Definitions

from Wiktionary, Creative Commons Attribution/Share-Alike License

  • n. A spider.
  • n. A peevish or ill-natured person.

from the GNU version of the Collaborative International Dictionary of English

  • n. A spider.
  • n. A peevish, ill-natured person.

from The Century Dictionary and Cyclopedia

  • n. A spider.
  • n. Figuratively, a peevish, testy, ill-natured person.

Etymologies

From Middle English, from Old English ātorcoppe ("spider"), corresponding to atter (“poison, venom”) +‎ cop (“spider”). The latter is still to be found in the English word cobweb. (Wiktionary)

Examples

  • Not yet on the list but I must borrow / buy: The Ring of Words, by three senior editors of the OED, who talk about Tolkien's contributions to the Dictionary and rather more interestingly to me about certain individual words used in Tolkien's fiction attercop, hobbit, Smeagol, and more.

    Plenty books..... ah, books....

  • In my native Lancashire dialect an attercop is a spider: it can be found in modern Danish also as edderkop.

    VERBATIM: The Language Quarterly Vol XIV No 4

  • a spider an ‘attercop’ -- a word, by the way, still in popular use in the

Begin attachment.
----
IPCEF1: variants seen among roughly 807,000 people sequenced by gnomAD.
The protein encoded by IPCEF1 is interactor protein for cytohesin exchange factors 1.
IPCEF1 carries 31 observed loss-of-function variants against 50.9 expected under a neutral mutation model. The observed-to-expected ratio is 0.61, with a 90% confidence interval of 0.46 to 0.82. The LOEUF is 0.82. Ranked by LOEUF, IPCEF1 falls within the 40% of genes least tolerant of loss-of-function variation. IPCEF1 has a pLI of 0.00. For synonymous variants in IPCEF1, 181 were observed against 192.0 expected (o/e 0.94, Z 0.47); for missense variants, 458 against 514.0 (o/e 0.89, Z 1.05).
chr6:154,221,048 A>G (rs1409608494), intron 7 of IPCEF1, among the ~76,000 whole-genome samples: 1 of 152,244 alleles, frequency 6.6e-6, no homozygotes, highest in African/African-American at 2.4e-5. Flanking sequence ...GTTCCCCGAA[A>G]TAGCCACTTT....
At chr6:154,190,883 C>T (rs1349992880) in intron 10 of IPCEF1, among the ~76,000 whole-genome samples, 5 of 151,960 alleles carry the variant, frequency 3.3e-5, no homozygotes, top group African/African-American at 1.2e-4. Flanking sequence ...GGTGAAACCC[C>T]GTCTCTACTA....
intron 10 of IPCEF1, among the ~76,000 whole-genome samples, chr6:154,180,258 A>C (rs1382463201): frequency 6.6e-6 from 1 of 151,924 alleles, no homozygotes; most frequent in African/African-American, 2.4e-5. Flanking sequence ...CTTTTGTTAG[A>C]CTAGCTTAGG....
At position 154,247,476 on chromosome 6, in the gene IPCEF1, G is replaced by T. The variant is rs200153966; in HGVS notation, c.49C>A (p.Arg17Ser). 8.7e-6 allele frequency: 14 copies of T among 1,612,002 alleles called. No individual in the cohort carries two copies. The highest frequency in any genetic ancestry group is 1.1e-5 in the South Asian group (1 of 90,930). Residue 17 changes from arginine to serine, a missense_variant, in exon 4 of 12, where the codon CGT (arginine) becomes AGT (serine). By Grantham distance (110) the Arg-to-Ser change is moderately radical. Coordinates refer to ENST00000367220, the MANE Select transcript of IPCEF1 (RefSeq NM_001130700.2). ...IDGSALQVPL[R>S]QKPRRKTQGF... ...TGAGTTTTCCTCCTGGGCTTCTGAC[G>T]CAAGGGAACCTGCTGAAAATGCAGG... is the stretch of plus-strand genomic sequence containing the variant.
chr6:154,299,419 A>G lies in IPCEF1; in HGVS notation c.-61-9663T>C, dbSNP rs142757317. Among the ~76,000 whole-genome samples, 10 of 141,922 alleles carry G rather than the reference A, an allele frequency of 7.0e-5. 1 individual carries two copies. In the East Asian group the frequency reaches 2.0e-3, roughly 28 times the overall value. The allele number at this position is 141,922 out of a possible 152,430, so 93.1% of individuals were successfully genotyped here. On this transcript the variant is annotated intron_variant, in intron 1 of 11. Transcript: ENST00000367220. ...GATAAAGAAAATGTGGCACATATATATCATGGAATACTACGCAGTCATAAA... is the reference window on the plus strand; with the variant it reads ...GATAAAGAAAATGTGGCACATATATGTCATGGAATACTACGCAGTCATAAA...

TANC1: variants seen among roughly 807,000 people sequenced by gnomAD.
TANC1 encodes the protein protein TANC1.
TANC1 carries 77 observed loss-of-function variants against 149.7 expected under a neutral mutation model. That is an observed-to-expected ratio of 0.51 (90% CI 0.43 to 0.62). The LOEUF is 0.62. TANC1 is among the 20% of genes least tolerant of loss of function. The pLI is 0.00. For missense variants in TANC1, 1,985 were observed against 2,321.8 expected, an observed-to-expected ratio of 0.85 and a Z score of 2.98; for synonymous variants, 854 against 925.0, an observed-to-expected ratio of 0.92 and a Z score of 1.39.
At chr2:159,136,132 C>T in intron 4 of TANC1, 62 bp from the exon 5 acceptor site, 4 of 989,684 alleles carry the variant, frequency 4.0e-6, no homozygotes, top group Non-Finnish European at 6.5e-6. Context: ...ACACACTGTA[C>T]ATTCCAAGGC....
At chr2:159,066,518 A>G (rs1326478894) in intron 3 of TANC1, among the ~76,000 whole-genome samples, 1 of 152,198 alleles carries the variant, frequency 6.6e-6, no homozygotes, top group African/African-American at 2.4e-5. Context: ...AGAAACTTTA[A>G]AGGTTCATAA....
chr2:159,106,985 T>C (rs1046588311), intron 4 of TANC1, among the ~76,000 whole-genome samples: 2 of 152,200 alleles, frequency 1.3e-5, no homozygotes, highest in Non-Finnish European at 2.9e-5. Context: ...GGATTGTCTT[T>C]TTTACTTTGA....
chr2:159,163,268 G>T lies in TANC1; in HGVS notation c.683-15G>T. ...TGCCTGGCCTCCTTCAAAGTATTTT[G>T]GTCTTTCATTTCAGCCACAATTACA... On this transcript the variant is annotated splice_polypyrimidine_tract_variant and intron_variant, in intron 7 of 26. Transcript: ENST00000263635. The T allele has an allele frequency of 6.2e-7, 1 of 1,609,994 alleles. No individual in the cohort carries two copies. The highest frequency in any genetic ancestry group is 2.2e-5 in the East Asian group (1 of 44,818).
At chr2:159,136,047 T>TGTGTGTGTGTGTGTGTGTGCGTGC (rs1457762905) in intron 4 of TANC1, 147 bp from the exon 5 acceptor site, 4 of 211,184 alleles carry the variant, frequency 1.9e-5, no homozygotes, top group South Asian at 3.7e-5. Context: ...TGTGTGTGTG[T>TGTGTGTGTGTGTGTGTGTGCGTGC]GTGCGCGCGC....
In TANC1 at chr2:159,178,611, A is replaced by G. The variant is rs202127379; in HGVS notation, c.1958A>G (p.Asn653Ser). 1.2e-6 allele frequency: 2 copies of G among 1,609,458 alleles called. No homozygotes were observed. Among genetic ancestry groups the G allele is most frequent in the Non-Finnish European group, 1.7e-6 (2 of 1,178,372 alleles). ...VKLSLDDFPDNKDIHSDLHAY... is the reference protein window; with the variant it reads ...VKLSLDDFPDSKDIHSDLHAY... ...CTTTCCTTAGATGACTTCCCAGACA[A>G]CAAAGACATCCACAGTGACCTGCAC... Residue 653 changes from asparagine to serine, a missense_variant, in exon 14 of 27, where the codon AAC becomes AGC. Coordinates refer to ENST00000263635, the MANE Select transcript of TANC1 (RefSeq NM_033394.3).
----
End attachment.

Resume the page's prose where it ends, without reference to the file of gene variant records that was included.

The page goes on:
English Past and Present

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Comments

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  • Thank you, bilby. Miss Muffet never could spell.

    July 11, 2014

  • See tuffet.

    July 11, 2014

  • The tuffet Miss Muffet once sat atop
    Was home to a peace-loving attercop
    Who ransomed tranquility
    With a show of hostility
    To make her quite maddening chatter stop.

    July 11, 2014

  • According to "The Ring of Words: Tolkien and the Oxford English Dictionary", the suffix "-cop" actually just means "spider" in Old English and is a divergent form related to "cob", as in the compound word "cobweb" - literally "spider web" - which dates as far back as 1300.

    Tolkien also uses "attercop" in his poem "Errantry" in the lovely alliterative lines,

    "...tarried for a little while
    in little isles, and plundered them;
    and webs of all the attercops
    he shattered them and sundered them."

    January 16, 2011

  • A peevish ill-natured person (used in northern Yorkshire); spider (from old english - it's also used in the Hobbit. In old english "attor" means poison and "cop" means head. In modern Norwegian a spider is called edderkopp)

    December 24, 2008